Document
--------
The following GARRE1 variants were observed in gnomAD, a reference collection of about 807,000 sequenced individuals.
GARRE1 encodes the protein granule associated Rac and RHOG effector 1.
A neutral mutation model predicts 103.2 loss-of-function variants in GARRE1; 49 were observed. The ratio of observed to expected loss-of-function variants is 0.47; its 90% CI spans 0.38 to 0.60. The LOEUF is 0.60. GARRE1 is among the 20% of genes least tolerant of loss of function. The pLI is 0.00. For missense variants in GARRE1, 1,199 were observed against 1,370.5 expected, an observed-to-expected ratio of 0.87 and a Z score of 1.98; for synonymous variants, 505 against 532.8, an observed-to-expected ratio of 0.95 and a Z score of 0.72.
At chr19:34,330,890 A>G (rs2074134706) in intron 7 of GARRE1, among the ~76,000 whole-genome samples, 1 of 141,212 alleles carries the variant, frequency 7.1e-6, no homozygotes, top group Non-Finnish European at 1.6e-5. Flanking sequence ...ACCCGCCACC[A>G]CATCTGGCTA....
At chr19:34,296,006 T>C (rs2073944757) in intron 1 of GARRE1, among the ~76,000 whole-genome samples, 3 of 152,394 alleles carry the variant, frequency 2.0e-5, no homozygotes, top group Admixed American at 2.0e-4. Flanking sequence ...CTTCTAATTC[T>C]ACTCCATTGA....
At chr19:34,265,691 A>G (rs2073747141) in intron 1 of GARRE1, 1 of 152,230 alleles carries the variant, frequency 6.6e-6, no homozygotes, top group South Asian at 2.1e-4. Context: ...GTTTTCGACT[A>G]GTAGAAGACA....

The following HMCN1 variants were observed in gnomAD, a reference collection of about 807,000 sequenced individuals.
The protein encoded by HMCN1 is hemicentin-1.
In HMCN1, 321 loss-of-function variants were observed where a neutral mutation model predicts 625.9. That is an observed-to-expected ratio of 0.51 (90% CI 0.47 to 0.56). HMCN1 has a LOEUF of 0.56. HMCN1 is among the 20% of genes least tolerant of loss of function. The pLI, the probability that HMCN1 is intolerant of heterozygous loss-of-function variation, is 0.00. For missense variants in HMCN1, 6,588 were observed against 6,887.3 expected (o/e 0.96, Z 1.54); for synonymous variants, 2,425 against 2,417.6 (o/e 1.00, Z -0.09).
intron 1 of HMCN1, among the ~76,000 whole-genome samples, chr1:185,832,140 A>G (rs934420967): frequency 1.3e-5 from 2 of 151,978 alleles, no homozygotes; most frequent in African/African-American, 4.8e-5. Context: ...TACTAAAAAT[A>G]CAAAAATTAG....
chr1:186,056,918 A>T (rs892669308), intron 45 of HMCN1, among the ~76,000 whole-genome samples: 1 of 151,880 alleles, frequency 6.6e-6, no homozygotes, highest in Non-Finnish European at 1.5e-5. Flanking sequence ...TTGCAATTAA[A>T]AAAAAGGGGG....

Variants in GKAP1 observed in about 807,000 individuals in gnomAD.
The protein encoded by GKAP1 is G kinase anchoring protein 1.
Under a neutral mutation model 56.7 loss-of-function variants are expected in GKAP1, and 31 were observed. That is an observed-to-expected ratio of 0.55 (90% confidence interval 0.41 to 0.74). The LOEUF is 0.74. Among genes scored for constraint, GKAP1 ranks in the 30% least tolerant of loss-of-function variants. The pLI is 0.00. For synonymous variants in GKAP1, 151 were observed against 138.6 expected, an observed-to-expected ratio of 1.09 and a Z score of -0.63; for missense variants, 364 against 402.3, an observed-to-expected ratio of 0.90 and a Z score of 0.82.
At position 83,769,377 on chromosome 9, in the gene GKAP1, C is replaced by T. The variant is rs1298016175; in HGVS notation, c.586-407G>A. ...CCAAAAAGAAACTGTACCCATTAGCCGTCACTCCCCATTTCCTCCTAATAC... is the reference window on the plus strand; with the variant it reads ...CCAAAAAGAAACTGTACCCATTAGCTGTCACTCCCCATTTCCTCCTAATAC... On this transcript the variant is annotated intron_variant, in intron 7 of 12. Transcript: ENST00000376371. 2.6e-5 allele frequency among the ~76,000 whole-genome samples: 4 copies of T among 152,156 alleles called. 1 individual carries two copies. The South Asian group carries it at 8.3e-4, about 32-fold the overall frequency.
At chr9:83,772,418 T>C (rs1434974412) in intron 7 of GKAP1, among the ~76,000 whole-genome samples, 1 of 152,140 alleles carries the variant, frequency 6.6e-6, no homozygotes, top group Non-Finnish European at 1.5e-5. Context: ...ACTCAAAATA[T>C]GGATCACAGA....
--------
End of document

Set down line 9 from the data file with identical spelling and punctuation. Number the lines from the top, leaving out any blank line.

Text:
In HMCN1, 321 loss-of-function variants were observed where a neutral mutation model predicts 625.9. That is an observed-to-expected ratio of 0.51 (90% CI 0.47 to 0.56). HMCN1 has a LOEUF of 0.56. HMCN1 is among the 20% of genes least tolerant of loss of function. The pLI, the probability that HMCN1 is intolerant of heterozygous loss-of-function variation, is 0.00. For missense variants in HMCN1, 6,588 were observed against 6,887.3 expected (o/e 0.96, Z 1.54); for synonymous variants, 2,425 against 2,417.6 (o/e 1.00, Z -0.09).